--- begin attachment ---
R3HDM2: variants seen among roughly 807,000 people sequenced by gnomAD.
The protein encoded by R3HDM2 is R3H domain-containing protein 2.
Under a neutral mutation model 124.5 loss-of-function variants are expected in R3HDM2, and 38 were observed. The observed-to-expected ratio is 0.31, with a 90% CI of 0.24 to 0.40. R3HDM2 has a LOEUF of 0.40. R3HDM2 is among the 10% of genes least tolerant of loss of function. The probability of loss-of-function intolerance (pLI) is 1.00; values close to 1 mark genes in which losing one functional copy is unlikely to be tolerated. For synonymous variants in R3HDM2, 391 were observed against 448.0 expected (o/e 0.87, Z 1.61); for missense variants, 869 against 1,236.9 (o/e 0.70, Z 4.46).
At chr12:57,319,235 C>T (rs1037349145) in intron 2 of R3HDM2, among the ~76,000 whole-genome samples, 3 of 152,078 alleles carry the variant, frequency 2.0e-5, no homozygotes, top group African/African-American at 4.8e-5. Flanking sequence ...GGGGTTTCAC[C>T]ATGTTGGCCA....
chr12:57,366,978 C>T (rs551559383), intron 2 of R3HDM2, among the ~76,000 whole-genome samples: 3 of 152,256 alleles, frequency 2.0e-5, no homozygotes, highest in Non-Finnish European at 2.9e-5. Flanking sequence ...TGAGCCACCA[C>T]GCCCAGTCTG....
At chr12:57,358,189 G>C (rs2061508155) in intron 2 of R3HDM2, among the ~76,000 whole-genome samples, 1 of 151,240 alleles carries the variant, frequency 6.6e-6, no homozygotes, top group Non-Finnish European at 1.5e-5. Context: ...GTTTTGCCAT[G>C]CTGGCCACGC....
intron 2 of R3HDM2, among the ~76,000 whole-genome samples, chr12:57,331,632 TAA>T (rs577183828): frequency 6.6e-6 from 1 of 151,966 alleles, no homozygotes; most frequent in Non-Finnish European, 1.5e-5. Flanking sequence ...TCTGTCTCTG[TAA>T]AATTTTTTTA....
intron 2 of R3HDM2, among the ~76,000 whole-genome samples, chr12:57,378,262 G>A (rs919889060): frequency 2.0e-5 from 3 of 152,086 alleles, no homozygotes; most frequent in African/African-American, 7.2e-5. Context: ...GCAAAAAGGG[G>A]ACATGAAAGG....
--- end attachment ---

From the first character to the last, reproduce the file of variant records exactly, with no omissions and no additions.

R3HDM2: variants seen among roughly 807,000 people sequenced by gnomAD.
The protein encoded by R3HDM2 is R3H domain-containing protein 2.
Under a neutral mutation model 124.5 loss-of-function variants are expected in R3HDM2, and 38 were observed. The observed-to-expected ratio is 0.31, with a 90% CI of 0.24 to 0.40. R3HDM2 has a LOEUF of 0.40. R3HDM2 is among the 10% of genes least tolerant of loss of function. The probability of loss-of-function intolerance (pLI) is 1.00; values close to 1 mark genes in which losing one functional copy is unlikely to be tolerated. For synonymous variants in R3HDM2, 391 were observed against 448.0 expected (o/e 0.87, Z 1.61); for missense variants, 869 against 1,236.9 (o/e 0.70, Z 4.46).
At chr12:57,319,235 C>T (rs1037349145) in intron 2 of R3HDM2, among the ~76,000 whole-genome samples, 3 of 152,078 alleles carry the variant, frequency 2.0e-5, no homozygotes, top group African/African-American at 4.8e-5. Flanking sequence ...GGGGTTTCAC[C>T]ATGTTGGCCA....
chr12:57,366,978 C>T (rs551559383), intron 2 of R3HDM2, among the ~76,000 whole-genome samples: 3 of 152,256 alleles, frequency 2.0e-5, no homozygotes, highest in Non-Finnish European at 2.9e-5. Flanking sequence ...TGAGCCACCA[C>T]GCCCAGTCTG....
At chr12:57,358,189 G>C (rs2061508155) in intron 2 of R3HDM2, among the ~76,000 whole-genome samples, 1 of 151,240 alleles carries the variant, frequency 6.6e-6, no homozygotes, top group Non-Finnish European at 1.5e-5. Context: ...GTTTTGCCAT[G>C]CTGGCCACGC....
intron 2 of R3HDM2, among the ~76,000 whole-genome samples, chr12:57,331,632 TAA>T (rs577183828): frequency 6.6e-6 from 1 of 151,966 alleles, no homozygotes; most frequent in Non-Finnish European, 1.5e-5. Flanking sequence ...TCTGTCTCTG[TAA>T]AATTTTTTTA....
intron 2 of R3HDM2, among the ~76,000 whole-genome samples, chr12:57,378,262 G>A (rs919889060): frequency 2.0e-5 from 3 of 152,086 alleles, no homozygotes; most frequent in African/African-American, 7.2e-5. Context: ...GCAAAAAGGG[G>A]ACATGAAAGG....